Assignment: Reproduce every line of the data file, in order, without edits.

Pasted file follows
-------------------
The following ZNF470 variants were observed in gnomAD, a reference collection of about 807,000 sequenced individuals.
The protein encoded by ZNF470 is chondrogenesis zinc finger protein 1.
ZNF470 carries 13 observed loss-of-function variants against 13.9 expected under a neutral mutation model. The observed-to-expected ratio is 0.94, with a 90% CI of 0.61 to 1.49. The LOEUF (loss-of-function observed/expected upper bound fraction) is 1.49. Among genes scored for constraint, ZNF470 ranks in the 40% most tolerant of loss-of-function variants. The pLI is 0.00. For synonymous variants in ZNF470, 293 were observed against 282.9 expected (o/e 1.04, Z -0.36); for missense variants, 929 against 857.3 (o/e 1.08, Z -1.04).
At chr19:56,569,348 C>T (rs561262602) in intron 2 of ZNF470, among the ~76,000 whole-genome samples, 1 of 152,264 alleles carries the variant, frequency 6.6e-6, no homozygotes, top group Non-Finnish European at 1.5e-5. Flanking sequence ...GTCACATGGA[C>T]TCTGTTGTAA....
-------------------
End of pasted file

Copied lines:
The following ZNF470 variants were observed in gnomAD, a reference collection of about 807,000 sequenced individuals.
The protein encoded by ZNF470 is chondrogenesis zinc finger protein 1.
ZNF470 carries 13 observed loss-of-function variants against 13.9 expected under a neutral mutation model. The observed-to-expected ratio is 0.94, with a 90% CI of 0.61 to 1.49. The LOEUF (loss-of-function observed/expected upper bound fraction) is 1.49. Among genes scored for constraint, ZNF470 ranks in the 40% most tolerant of loss-of-function variants. The pLI is 0.00. For synonymous variants in ZNF470, 293 were observed against 282.9 expected (o/e 1.04, Z -0.36); for missense variants, 929 against 857.3 (o/e 1.08, Z -1.04).
At chr19:56,569,348 C>T (rs561262602) in intron 2 of ZNF470, among the ~76,000 whole-genome samples, 1 of 152,264 alleles carries the variant, frequency 6.6e-6, no homozygotes, top group Non-Finnish European at 1.5e-5. Flanking sequence ...GTCACATGGA[C>T]TCTGTTGTAA....